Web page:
Stop bullying your outsourcer, companies warned

Companies that use harsh service level agreements to bully their outsourcing supplier could be missing out on a "trust dividend" worth up to 40 percent of the total contract value.

Companies that use harsh service level agreements to bully their outsourcing supplier could be missing out on a "trust dividend" worth up to 40 percent of the total contract value.

Outsourcing based on mutual trust can create a 20 percent to 40 percent difference on service, quality, cost and other performance indicators, according to research by LogicaCMG and Warwick Business School.

Companies should agree a relationship charter with their outsourcing partner to set a benchmark for behaviour, and make sure regular health checks, balanced scorecards and senior executive dashboards are used to monitor progress.

The report said this means that the days of traditional outsourcing contracts, in which companies rely on punitive service level agreements (SLAs) and penalties to their service provider, are numbered.

Report co-author, professor Leslie Willcocks from Warwick Business School, said in a statement: "We found that contracts with well-managed relationships based on trust--rather than stringent SLAs and penalties - are more likely to lead to a 'trust dividend' for both parties."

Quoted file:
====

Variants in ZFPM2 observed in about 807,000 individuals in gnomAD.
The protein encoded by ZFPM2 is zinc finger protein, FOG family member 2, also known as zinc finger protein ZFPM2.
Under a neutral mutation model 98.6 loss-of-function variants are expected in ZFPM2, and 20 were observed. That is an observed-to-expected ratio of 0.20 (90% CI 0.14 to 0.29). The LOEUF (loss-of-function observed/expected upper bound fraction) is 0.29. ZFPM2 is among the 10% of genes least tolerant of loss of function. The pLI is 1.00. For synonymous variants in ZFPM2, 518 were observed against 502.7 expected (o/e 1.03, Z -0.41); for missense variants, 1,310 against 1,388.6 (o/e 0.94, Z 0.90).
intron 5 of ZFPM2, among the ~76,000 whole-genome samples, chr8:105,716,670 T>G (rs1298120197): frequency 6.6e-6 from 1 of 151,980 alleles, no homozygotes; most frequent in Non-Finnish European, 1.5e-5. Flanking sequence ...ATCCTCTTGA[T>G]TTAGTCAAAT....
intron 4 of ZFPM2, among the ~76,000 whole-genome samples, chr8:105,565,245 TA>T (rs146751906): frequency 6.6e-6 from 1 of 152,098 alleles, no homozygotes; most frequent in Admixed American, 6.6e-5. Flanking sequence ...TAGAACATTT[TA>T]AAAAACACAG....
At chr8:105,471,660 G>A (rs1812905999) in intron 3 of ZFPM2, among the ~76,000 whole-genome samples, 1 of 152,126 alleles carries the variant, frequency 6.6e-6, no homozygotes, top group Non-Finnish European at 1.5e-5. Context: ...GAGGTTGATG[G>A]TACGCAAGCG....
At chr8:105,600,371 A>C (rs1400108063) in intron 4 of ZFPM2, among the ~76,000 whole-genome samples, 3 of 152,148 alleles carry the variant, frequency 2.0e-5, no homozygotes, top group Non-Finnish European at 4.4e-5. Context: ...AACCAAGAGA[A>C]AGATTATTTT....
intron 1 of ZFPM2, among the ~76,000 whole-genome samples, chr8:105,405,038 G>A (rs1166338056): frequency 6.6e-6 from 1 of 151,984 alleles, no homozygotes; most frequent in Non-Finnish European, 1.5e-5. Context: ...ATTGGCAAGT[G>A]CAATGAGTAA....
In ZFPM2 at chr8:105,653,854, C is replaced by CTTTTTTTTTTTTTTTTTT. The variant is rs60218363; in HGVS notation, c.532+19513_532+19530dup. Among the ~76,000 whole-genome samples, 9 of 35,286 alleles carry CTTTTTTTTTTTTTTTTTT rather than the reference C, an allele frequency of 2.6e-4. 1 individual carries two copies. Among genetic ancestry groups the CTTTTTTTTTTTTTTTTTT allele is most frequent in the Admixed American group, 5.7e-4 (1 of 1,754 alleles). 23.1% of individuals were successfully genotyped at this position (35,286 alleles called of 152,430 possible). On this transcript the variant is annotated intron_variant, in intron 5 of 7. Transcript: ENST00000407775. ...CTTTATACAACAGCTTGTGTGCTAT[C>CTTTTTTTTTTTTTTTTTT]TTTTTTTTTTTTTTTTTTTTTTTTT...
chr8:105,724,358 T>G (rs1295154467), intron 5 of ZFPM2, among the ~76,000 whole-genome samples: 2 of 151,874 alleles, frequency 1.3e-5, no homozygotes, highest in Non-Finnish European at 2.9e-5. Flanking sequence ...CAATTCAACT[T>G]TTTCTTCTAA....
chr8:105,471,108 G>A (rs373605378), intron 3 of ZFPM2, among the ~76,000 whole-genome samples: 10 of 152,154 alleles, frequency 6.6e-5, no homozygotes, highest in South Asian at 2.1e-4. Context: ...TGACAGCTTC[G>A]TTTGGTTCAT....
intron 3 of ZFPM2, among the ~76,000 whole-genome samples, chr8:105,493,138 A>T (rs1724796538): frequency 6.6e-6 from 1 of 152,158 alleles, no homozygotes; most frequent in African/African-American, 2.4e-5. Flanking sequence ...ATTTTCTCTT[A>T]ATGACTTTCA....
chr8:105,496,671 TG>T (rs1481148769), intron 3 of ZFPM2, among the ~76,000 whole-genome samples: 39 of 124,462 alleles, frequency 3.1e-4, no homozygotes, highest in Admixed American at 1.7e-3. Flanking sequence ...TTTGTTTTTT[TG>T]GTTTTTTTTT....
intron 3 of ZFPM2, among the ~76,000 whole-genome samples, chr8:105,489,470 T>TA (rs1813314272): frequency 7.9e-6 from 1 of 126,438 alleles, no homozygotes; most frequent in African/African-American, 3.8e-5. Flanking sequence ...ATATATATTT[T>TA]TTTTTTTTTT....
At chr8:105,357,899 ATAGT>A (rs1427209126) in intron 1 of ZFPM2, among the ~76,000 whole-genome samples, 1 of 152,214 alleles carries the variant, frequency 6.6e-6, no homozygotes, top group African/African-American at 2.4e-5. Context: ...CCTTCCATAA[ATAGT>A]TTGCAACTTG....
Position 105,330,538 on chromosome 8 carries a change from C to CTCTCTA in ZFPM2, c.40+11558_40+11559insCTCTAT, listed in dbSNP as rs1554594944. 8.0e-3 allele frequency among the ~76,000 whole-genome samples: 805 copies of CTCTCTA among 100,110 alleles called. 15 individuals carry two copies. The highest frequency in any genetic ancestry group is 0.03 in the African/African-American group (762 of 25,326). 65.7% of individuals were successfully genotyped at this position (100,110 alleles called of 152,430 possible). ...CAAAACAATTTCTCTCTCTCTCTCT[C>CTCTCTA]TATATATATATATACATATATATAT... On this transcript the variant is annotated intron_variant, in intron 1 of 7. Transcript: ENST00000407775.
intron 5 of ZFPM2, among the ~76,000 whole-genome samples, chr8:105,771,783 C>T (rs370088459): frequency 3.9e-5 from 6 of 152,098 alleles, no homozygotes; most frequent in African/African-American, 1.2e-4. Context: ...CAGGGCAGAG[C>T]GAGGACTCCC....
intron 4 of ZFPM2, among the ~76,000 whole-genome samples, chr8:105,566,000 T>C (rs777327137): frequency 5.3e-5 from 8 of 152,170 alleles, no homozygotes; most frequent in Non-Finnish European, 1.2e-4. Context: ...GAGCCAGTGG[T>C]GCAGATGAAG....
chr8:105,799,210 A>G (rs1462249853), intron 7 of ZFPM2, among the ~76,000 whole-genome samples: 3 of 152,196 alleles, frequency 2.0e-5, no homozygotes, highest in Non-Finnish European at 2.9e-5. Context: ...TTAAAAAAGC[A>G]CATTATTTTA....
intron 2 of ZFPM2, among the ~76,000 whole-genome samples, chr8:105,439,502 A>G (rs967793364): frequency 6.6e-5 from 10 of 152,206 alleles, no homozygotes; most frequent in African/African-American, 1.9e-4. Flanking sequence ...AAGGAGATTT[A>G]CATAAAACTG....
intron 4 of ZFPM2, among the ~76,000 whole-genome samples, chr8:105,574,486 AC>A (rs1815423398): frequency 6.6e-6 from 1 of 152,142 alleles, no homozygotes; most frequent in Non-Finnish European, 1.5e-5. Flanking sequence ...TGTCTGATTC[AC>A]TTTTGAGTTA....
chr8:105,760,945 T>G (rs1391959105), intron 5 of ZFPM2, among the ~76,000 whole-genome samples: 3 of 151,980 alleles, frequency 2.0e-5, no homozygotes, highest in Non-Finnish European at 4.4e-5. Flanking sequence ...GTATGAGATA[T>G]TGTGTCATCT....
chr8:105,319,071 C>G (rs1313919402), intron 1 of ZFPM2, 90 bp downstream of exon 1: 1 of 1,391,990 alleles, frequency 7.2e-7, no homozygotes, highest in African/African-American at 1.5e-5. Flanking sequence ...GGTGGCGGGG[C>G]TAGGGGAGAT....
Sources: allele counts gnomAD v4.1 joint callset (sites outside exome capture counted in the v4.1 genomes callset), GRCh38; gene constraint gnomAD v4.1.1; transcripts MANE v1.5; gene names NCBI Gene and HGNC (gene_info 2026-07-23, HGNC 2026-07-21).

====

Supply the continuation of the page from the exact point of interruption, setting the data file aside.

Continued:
He added: "Our study found a number of outsourcing contracts where adversarial behaviour, inexperience or lack of confidence led to the demise of a relationship."

And he warned: "Ignoring the value of properly managed outsourcing relationships is tantamount to corporate negligence - simply because it has such a huge impact on return on investment and the potential value gained from outsourcing."

Andrew de Cleyn, senior vice president, global service delivery at LogicaCMG, said in a statement: "Power-based relationships are poor substitutes for trust-based partnerships given the high transaction costs of monitoring and imposing sanctions and the limited goals that can be pursued by both parties."

Steve Ranger from Silicon.com reported from London.

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